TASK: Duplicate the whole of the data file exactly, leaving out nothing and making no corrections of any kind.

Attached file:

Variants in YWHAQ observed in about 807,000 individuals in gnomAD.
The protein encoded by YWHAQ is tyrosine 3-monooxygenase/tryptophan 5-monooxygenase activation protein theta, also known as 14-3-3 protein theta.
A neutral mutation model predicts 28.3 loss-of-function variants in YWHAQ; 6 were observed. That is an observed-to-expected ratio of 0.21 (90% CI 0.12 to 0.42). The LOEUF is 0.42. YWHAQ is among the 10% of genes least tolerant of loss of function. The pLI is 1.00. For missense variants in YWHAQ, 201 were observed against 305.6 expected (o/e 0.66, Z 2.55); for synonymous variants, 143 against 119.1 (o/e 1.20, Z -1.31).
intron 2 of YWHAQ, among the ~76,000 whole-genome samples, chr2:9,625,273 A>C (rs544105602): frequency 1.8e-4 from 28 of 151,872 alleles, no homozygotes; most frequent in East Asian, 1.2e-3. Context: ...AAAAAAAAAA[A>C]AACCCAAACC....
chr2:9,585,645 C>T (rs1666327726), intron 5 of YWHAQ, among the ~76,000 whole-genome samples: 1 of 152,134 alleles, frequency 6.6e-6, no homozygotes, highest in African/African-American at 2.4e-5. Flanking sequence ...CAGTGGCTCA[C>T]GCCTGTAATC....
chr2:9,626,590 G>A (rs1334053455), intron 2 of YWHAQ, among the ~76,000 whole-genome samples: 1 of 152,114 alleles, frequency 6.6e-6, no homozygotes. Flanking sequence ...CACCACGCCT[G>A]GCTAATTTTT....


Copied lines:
Variants in YWHAQ observed in about 807,000 individuals in gnomAD.
The protein encoded by YWHAQ is tyrosine 3-monooxygenase/tryptophan 5-monooxygenase activation protein theta, also known as 14-3-3 protein theta.
A neutral mutation model predicts 28.3 loss-of-function variants in YWHAQ; 6 were observed. That is an observed-to-expected ratio of 0.21 (90% CI 0.12 to 0.42). The LOEUF is 0.42. YWHAQ is among the 10% of genes least tolerant of loss of function. The pLI is 1.00. For missense variants in YWHAQ, 201 were observed against 305.6 expected (o/e 0.66, Z 2.55); for synonymous variants, 143 against 119.1 (o/e 1.20, Z -1.31).
intron 2 of YWHAQ, among the ~76,000 whole-genome samples, chr2:9,625,273 A>C (rs544105602): frequency 1.8e-4 from 28 of 151,872 alleles, no homozygotes; most frequent in East Asian, 1.2e-3. Context: ...AAAAAAAAAA[A>C]AACCCAAACC....
chr2:9,585,645 C>T (rs1666327726), intron 5 of YWHAQ, among the ~76,000 whole-genome samples: 1 of 152,134 alleles, frequency 6.6e-6, no homozygotes, highest in African/African-American at 2.4e-5. Flanking sequence ...CAGTGGCTCA[C>T]GCCTGTAATC....
chr2:9,626,590 G>A (rs1334053455), intron 2 of YWHAQ, among the ~76,000 whole-genome samples: 1 of 152,114 alleles, frequency 6.6e-6, no homozygotes. Flanking sequence ...CACCACGCCT[G>A]GCTAATTTTT....